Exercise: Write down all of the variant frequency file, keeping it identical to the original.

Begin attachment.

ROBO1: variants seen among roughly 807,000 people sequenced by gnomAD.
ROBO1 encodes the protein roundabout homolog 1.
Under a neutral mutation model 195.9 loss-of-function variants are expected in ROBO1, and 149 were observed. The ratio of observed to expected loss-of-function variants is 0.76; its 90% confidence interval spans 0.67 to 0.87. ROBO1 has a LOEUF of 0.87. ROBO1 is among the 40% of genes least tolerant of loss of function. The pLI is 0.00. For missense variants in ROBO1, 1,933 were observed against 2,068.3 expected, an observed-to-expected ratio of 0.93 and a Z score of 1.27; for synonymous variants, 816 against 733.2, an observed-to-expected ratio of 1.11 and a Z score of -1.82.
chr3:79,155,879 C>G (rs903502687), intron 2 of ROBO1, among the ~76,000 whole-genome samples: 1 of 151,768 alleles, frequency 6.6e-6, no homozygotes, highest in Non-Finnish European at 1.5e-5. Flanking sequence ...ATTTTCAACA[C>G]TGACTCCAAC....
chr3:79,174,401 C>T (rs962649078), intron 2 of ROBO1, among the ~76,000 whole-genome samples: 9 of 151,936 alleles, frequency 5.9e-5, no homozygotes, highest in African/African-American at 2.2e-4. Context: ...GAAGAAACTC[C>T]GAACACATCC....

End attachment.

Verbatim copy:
ROBO1: variants seen among roughly 807,000 people sequenced by gnomAD.
ROBO1 encodes the protein roundabout homolog 1.
Under a neutral mutation model 195.9 loss-of-function variants are expected in ROBO1, and 149 were observed. The ratio of observed to expected loss-of-function variants is 0.76; its 90% confidence interval spans 0.67 to 0.87. ROBO1 has a LOEUF of 0.87. ROBO1 is among the 40% of genes least tolerant of loss of function. The pLI is 0.00. For missense variants in ROBO1, 1,933 were observed against 2,068.3 expected, an observed-to-expected ratio of 0.93 and a Z score of 1.27; for synonymous variants, 816 against 733.2, an observed-to-expected ratio of 1.11 and a Z score of -1.82.
chr3:79,155,879 C>G (rs903502687), intron 2 of ROBO1, among the ~76,000 whole-genome samples: 1 of 151,768 alleles, frequency 6.6e-6, no homozygotes, highest in Non-Finnish European at 1.5e-5. Flanking sequence ...ATTTTCAACA[C>G]TGACTCCAAC....
chr3:79,174,401 C>T (rs962649078), intron 2 of ROBO1, among the ~76,000 whole-genome samples: 9 of 151,936 alleles, frequency 5.9e-5, no homozygotes, highest in African/African-American at 2.2e-4. Context: ...GAAGAAACTC[C>T]GAACACATCC....